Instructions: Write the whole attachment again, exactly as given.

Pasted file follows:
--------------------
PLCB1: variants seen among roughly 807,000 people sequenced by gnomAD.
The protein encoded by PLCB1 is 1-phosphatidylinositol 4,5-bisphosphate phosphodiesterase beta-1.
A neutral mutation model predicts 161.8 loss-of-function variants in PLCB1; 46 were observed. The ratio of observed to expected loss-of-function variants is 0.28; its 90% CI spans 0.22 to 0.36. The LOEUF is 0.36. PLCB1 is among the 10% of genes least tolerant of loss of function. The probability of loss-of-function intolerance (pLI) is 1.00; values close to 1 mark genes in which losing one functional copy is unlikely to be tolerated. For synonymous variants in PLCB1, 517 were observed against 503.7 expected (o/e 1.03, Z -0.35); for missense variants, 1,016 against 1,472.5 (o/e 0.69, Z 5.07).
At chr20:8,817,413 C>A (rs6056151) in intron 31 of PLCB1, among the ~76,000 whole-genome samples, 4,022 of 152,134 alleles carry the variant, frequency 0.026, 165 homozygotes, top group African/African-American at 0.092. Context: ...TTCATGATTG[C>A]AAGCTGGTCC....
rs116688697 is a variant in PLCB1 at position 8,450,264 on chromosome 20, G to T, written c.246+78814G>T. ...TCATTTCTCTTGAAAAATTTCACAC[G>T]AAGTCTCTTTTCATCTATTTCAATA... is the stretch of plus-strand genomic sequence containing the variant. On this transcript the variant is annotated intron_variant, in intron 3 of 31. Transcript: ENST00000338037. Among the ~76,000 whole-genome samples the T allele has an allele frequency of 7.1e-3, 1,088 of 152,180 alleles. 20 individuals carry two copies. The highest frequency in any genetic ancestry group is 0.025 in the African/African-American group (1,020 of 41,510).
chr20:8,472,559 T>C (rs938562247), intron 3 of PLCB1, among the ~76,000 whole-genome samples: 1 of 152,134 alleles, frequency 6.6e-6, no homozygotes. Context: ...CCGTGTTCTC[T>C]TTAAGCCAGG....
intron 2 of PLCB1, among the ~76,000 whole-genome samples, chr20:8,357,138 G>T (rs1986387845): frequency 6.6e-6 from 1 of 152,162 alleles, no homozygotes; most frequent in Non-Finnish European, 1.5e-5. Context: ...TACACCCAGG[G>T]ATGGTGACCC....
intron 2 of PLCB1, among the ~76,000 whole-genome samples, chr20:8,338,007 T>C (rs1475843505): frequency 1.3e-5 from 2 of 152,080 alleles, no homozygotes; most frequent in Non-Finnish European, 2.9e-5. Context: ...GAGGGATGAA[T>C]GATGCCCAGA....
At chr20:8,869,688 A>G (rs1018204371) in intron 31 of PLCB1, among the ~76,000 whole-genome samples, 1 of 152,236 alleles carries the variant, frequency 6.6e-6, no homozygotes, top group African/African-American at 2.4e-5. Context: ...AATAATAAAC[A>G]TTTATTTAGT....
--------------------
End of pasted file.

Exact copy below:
PLCB1: variants seen among roughly 807,000 people sequenced by gnomAD.
The protein encoded by PLCB1 is 1-phosphatidylinositol 4,5-bisphosphate phosphodiesterase beta-1.
A neutral mutation model predicts 161.8 loss-of-function variants in PLCB1; 46 were observed. The ratio of observed to expected loss-of-function variants is 0.28; its 90% CI spans 0.22 to 0.36. The LOEUF is 0.36. PLCB1 is among the 10% of genes least tolerant of loss of function. The probability of loss-of-function intolerance (pLI) is 1.00; values close to 1 mark genes in which losing one functional copy is unlikely to be tolerated. For synonymous variants in PLCB1, 517 were observed against 503.7 expected (o/e 1.03, Z -0.35); for missense variants, 1,016 against 1,472.5 (o/e 0.69, Z 5.07).
At chr20:8,817,413 C>A (rs6056151) in intron 31 of PLCB1, among the ~76,000 whole-genome samples, 4,022 of 152,134 alleles carry the variant, frequency 0.026, 165 homozygotes, top group African/African-American at 0.092. Context: ...TTCATGATTG[C>A]AAGCTGGTCC....
rs116688697 is a variant in PLCB1 at position 8,450,264 on chromosome 20, G to T, written c.246+78814G>T. ...TCATTTCTCTTGAAAAATTTCACAC[G>T]AAGTCTCTTTTCATCTATTTCAATA... is the stretch of plus-strand genomic sequence containing the variant. On this transcript the variant is annotated intron_variant, in intron 3 of 31. Transcript: ENST00000338037. Among the ~76,000 whole-genome samples the T allele has an allele frequency of 7.1e-3, 1,088 of 152,180 alleles. 20 individuals carry two copies. The highest frequency in any genetic ancestry group is 0.025 in the African/African-American group (1,020 of 41,510).
chr20:8,472,559 T>C (rs938562247), intron 3 of PLCB1, among the ~76,000 whole-genome samples: 1 of 152,134 alleles, frequency 6.6e-6, no homozygotes. Context: ...CCGTGTTCTC[T>C]TTAAGCCAGG....
intron 2 of PLCB1, among the ~76,000 whole-genome samples, chr20:8,357,138 G>T (rs1986387845): frequency 6.6e-6 from 1 of 152,162 alleles, no homozygotes; most frequent in Non-Finnish European, 1.5e-5. Context: ...TACACCCAGG[G>T]ATGGTGACCC....
intron 2 of PLCB1, among the ~76,000 whole-genome samples, chr20:8,338,007 T>C (rs1475843505): frequency 1.3e-5 from 2 of 152,080 alleles, no homozygotes; most frequent in Non-Finnish European, 2.9e-5. Context: ...GAGGGATGAA[T>C]GATGCCCAGA....
At chr20:8,869,688 A>G (rs1018204371) in intron 31 of PLCB1, among the ~76,000 whole-genome samples, 1 of 152,236 alleles carries the variant, frequency 6.6e-6, no homozygotes, top group African/African-American at 2.4e-5. Context: ...AATAATAAAC[A>G]TTTATTTAGT....